Great article Preston. This is a lesson that I learned the hard way too. Now I have an additional page that I include with my estimates that details exactly what is included in the cost and what is extra (like extra page counts, additional rounds of amendments, stock photography purchases, etc).

    I also include an “Under/Over” clause. I make it very clear that the estimate is based on years of experience, but it is only an ESTIMATE. If the contract goes over the allotted time by a specified amount (usually 20%), then a percentage is added to the final invoice. If I over estimated the amount of time the job will take and I finish it really quickly, the same applies in reverse and the client gets a discount on their final invoice (makes for VERY happy clients). I also include a caveat in this section that if the time has gone over as a direct result of the client changing the brief mid project, they pay for the full amount of time that has gone over, not just a percentage. I find that it makes clients think twice before changing things on a whim. They tend to put a bit more thought into the change of direction and why they want it; which I find benefits the project as a whole.

  5. Sharon Pettis McElwee says:

    I’m a big fan of communication. I try to be very clear about what is NOT included in a project, and if a client asks for those things later, I let them know what the additional costs are. Since I deal with services, I usually don’t have to worry about materials unless its a printed project. But communication is the key. I would present it to the customer and see if they are willing to pay.

  6. alvalynlundgren says:

    I had one project a very long time ago where I realized that I had not allowed enough in my creative fee to cover the expense of the project. The expense back then involved separation films on a large poster. The cost of the films was more than I was received for my creative work. I would have taken a loss big time. But I decided to talk to the client, and discovered they were expecting to pay expenses in addition to the creative fee. It all worked out, and I learned at that moment to separate the two.

    So, Whether you price by the hour, the project or the value, expenses are separate from the creative fees. Every estimate and contract I write distinguishes between the two, so that the client understands up front that they will be billed for expenses and applicable sales taxes in addition to the creative fees. I also mark up expenses rather than passing the costs on directly. I obtain expense estimate prior to moving forward, so that the client approves the expenses beforehand. The best idea for Andrea and everyone is to separate fees from costs, and to obtain estimates for costs when possible and require a go-ahead from the client before proceeding.

  7. Paul Trivilino says:

    If Andrea’s business is registered with her local tax authority, she should check with them to see if she is required to pay sales tax for supplies she buys specifically for a client’s project. Some states allow businesses to purchase material and supplies tax free if the items are for a manufacturing purpose. Buying supplies to create a clients project would be considered a manufacturing purpose. The sales tax for the material and supplies would be paid by the client when they are billed for the completed project.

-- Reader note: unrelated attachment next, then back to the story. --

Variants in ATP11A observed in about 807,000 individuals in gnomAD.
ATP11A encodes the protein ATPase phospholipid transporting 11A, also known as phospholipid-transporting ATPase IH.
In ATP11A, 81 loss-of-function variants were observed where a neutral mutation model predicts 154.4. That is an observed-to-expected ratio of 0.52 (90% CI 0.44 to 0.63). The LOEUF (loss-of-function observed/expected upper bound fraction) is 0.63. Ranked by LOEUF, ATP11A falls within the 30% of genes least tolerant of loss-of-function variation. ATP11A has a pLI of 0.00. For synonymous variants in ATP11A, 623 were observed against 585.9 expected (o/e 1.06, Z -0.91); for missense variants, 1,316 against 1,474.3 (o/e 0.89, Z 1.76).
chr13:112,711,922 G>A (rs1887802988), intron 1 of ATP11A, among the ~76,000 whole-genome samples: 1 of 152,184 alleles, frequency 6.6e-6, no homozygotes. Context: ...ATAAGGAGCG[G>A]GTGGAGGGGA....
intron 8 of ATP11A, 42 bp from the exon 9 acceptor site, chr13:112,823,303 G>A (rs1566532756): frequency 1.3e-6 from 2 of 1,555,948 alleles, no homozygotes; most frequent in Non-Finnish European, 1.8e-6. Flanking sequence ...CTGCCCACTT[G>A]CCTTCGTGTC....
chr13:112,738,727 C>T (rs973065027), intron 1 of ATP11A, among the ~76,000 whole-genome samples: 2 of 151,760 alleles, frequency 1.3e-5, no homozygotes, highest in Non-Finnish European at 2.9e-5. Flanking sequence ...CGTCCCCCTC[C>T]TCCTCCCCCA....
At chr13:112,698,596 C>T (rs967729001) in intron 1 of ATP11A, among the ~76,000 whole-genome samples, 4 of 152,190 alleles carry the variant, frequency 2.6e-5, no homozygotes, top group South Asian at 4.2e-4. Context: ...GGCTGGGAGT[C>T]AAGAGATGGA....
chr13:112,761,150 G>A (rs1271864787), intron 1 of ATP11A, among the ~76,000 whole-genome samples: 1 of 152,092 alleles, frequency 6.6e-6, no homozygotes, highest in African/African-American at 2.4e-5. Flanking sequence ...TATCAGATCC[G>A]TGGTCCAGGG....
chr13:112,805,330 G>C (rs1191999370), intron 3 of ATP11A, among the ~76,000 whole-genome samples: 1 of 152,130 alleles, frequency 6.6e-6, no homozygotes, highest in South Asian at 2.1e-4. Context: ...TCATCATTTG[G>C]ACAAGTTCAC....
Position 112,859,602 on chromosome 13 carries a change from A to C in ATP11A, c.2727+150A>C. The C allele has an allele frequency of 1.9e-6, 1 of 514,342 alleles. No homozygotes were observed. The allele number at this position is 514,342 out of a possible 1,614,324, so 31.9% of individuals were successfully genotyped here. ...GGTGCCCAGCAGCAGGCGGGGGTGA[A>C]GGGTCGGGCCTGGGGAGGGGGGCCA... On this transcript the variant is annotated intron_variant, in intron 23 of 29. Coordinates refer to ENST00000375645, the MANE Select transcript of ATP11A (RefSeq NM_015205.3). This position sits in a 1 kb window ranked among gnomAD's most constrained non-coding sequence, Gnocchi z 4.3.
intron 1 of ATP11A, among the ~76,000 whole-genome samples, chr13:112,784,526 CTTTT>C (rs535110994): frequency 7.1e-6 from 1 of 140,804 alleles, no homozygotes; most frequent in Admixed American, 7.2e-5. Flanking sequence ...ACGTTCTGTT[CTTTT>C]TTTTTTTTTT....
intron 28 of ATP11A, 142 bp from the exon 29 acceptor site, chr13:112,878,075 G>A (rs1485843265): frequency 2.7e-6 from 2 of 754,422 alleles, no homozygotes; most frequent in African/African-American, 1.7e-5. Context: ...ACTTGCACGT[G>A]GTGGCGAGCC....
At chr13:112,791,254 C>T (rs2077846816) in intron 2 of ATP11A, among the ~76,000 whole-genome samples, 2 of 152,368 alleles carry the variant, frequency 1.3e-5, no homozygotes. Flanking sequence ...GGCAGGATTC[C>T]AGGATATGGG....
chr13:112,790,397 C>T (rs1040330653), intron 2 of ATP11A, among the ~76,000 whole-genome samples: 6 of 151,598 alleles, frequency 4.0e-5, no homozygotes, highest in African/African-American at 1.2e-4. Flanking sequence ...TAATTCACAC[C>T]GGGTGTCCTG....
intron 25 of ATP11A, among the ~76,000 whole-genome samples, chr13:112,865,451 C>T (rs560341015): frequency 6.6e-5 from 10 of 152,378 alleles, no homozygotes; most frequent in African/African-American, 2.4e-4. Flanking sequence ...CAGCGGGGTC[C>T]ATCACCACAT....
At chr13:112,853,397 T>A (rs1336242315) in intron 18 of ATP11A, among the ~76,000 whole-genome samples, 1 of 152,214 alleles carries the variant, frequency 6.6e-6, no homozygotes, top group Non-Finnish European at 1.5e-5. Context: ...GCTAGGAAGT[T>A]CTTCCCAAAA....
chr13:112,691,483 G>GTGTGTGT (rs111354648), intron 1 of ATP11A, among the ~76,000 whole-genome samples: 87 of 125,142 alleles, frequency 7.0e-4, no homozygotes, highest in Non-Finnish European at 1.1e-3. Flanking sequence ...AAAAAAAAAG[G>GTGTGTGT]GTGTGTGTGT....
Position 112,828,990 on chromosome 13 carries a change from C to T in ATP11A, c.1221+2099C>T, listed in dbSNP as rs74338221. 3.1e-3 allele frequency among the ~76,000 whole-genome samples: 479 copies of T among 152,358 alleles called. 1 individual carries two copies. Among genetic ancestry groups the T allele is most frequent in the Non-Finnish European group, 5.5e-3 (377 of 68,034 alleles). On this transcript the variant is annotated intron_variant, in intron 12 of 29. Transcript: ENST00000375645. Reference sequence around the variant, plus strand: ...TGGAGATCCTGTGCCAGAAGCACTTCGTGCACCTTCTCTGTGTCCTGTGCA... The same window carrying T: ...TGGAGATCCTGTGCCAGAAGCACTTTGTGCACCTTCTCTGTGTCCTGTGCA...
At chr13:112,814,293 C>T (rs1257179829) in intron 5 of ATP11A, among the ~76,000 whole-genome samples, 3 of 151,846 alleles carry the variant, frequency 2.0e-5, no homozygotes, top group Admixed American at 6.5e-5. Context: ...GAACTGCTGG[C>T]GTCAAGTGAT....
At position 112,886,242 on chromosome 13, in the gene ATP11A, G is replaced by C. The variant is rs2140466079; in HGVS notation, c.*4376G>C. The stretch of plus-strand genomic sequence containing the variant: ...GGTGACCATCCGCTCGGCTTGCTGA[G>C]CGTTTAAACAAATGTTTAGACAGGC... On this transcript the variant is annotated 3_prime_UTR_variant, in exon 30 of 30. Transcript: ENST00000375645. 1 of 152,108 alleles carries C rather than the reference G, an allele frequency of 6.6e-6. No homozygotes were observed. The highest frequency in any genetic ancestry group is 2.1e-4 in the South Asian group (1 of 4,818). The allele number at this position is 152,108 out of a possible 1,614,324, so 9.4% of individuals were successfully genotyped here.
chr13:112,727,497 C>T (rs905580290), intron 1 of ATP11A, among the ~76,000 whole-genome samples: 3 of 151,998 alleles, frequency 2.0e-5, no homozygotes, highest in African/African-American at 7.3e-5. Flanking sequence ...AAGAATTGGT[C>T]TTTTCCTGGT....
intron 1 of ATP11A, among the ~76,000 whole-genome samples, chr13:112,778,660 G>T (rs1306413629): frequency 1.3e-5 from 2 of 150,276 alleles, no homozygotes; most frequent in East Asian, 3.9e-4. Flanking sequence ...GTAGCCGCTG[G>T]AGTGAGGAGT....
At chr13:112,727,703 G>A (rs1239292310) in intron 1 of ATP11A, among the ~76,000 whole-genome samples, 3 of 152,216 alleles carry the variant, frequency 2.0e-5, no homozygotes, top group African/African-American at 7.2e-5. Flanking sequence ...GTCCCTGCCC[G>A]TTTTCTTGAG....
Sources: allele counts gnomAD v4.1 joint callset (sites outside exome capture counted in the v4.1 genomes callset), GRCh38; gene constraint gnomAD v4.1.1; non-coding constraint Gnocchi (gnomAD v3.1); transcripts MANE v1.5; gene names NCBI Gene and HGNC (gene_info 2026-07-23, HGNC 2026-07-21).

8. Well written, Preston! I’ve been at this freelancing thing for 15 years and I could not agree more. There are other ways to protect yourself as well. 2 years I added a clause that allows either party to exit the project if the fit is not good – but there is a KILL FEE associated with it, of course. I have free downloads available of my proposal template here if your followers are interested: http://www.yourcreativejunkie.com/design-proposals-10-tips-protect-ass/. Thanks again for a very important post, keep up the good work!

    – Your Creative Junkie
    > v <

  9. Yes – I think per project is the way to go most of the time, but it can be difficult to do it per project if you have no idea how long something will take. This is usually because it’s something completely new to me and I don’t want to under-charge for the time I’ll put in on it.

  10. I always quote the prospect with a simple quote stating timeline and cost of the project. Once they agree to it, then I send over the agreement which has details of what is included etc.. My point is that you do not want to scare off the prospect by throwing everything but the kitchen sink at them before they commit. Try to sell your services and a solution to their problem and then explain your policies. Also I switch from project to hourly after the project is completed and there is need for additional work or updates.

  11. Hey Preston! Do you remember me from Fizzle? I have finally started my own website. At the moment it’s just in spanish but I’m going to get translated as well to serve both audiences as it was suggested to me.

    Anywas, I’m still following all your articles and this one is spot on. I also like to start with a per/project type of quote. Then, after I’ve shown my clients what I can do, if they have a lot more work to be done, I offer to get them a special hourly rate if they commit to a specific set of hours a week, for a specific set of months. This has worked out great for me as it helps me retain my clients and get some recurring revenue.

    Oh hey, changing the subject for a bit. There’s a banner in your sidebar that still says “Design Blender”. Your new subscribers could get confused 😉

    Cheers man!